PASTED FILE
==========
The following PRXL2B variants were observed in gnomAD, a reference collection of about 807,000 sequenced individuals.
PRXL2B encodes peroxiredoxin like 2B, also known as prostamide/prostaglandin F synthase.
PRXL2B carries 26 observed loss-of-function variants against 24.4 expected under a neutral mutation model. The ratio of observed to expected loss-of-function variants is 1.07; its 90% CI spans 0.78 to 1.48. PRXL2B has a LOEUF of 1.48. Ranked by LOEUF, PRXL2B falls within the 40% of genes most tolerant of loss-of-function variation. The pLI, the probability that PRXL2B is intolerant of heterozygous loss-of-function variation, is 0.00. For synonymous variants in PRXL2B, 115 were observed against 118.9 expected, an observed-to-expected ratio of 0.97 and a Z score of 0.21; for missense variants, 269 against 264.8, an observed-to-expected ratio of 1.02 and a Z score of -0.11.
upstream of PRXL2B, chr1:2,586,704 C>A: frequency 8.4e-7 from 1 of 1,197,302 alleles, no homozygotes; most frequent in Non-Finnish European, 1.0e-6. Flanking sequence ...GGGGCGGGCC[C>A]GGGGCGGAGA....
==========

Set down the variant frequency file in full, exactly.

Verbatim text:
The following PRXL2B variants were observed in gnomAD, a reference collection of about 807,000 sequenced individuals.
PRXL2B encodes peroxiredoxin like 2B, also known as prostamide/prostaglandin F synthase.
PRXL2B carries 26 observed loss-of-function variants against 24.4 expected under a neutral mutation model. The ratio of observed to expected loss-of-function variants is 1.07; its 90% CI spans 0.78 to 1.48. PRXL2B has a LOEUF of 1.48. Ranked by LOEUF, PRXL2B falls within the 40% of genes most tolerant of loss-of-function variation. The pLI, the probability that PRXL2B is intolerant of heterozygous loss-of-function variation, is 0.00. For synonymous variants in PRXL2B, 115 were observed against 118.9 expected, an observed-to-expected ratio of 0.97 and a Z score of 0.21; for missense variants, 269 against 264.8, an observed-to-expected ratio of 1.02 and a Z score of -0.11.
upstream of PRXL2B, chr1:2,586,704 C>A: frequency 8.4e-7 from 1 of 1,197,302 alleles, no homozygotes; most frequent in Non-Finnish European, 1.0e-6. Flanking sequence ...GGGGCGGGCC[C>A]GGGGCGGAGA....